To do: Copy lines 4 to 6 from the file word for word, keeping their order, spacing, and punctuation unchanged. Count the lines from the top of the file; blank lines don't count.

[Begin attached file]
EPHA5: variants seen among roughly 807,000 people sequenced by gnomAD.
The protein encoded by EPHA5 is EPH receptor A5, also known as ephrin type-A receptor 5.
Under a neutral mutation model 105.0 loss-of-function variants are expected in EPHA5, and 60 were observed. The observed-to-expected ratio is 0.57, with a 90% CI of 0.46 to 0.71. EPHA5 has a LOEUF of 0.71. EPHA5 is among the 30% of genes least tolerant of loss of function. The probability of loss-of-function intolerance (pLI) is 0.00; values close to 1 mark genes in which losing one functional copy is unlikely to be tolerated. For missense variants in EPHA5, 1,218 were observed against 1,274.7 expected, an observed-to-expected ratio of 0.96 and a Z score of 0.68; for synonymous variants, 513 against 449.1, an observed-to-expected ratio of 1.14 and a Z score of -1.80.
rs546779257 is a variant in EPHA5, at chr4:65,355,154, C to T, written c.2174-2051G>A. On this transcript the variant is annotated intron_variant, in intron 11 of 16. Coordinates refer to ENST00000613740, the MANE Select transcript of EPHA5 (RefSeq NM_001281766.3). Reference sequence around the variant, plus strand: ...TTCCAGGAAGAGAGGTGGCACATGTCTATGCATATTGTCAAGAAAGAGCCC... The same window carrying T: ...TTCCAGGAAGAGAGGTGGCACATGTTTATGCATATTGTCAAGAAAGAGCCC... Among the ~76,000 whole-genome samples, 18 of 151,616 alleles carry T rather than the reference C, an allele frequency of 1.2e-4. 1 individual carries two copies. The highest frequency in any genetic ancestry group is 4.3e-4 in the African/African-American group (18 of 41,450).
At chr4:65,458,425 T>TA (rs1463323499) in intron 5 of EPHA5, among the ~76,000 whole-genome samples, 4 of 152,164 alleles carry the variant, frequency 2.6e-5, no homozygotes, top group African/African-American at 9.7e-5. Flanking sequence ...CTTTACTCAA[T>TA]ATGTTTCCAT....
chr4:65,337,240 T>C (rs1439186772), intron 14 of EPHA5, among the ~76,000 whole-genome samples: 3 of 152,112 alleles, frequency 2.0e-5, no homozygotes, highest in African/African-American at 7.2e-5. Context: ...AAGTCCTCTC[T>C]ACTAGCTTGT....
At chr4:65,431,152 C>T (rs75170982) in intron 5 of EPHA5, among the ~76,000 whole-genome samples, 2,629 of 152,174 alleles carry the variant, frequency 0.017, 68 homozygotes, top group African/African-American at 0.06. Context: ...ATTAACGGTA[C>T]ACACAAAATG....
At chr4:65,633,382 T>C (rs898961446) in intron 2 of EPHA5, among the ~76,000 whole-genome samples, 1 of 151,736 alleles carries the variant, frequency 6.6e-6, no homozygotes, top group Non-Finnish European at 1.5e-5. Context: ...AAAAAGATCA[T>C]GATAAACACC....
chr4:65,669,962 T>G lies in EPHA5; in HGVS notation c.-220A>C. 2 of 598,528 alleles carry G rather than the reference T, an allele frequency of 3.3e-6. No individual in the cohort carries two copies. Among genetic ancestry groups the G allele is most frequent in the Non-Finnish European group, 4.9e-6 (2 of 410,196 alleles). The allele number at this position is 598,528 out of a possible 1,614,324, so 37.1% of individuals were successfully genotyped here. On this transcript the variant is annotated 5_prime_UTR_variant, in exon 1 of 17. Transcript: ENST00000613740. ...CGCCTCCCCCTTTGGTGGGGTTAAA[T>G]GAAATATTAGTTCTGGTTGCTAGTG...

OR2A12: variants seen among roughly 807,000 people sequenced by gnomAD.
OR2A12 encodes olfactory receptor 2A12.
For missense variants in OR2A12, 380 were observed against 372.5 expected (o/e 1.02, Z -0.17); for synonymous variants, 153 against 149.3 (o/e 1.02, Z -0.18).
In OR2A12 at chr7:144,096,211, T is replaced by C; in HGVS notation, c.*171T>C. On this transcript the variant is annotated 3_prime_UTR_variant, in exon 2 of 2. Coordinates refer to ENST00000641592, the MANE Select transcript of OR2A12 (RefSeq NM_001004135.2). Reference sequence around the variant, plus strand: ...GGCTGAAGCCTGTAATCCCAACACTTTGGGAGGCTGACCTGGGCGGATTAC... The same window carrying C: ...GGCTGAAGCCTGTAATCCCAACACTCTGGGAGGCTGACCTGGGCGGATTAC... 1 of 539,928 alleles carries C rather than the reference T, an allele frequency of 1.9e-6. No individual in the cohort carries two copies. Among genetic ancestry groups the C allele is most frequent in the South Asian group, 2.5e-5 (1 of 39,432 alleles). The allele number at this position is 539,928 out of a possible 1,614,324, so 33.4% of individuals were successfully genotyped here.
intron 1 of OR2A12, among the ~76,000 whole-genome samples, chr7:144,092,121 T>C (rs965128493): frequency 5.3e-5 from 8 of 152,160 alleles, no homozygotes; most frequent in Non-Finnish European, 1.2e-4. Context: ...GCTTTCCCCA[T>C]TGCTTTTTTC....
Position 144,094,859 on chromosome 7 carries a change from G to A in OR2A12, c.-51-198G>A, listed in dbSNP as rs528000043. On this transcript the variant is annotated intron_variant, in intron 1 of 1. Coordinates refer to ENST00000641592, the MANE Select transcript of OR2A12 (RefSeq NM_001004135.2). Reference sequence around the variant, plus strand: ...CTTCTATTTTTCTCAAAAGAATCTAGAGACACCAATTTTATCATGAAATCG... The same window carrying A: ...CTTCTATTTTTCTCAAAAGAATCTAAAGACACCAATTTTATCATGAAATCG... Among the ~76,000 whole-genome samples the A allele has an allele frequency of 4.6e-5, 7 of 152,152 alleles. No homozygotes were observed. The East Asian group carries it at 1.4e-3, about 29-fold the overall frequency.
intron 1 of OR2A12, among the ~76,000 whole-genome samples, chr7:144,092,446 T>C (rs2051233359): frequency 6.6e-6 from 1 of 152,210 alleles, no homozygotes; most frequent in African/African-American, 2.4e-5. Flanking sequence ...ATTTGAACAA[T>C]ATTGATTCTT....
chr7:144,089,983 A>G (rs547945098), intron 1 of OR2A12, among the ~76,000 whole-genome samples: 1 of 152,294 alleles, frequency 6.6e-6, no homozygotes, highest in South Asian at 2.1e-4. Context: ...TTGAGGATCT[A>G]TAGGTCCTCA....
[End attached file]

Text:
rs546779257 is a variant in EPHA5, at chr4:65,355,154, C to T, written c.2174-2051G>A. On this transcript the variant is annotated intron_variant, in intron 11 of 16. Coordinates refer to ENST00000613740, the MANE Select transcript of EPHA5 (RefSeq NM_001281766.3). Reference sequence around the variant, plus strand: ...TTCCAGGAAGAGAGGTGGCACATGTCTATGCATATTGTCAAGAAAGAGCCC... The same window carrying T: ...TTCCAGGAAGAGAGGTGGCACATGTTTATGCATATTGTCAAGAAAGAGCCC... Among the ~76,000 whole-genome samples, 18 of 151,616 alleles carry T rather than the reference C, an allele frequency of 1.2e-4. 1 individual carries two copies. The highest frequency in any genetic ancestry group is 4.3e-4 in the African/African-American group (18 of 41,450).
At chr4:65,458,425 T>TA (rs1463323499) in intron 5 of EPHA5, among the ~76,000 whole-genome samples, 4 of 152,164 alleles carry the variant, frequency 2.6e-5, no homozygotes, top group African/African-American at 9.7e-5. Flanking sequence ...CTTTACTCAA[T>TA]ATGTTTCCAT....
chr4:65,337,240 T>C (rs1439186772), intron 14 of EPHA5, among the ~76,000 whole-genome samples: 3 of 152,112 alleles, frequency 2.0e-5, no homozygotes, highest in African/African-American at 7.2e-5. Context: ...AAGTCCTCTC[T>C]ACTAGCTTGT....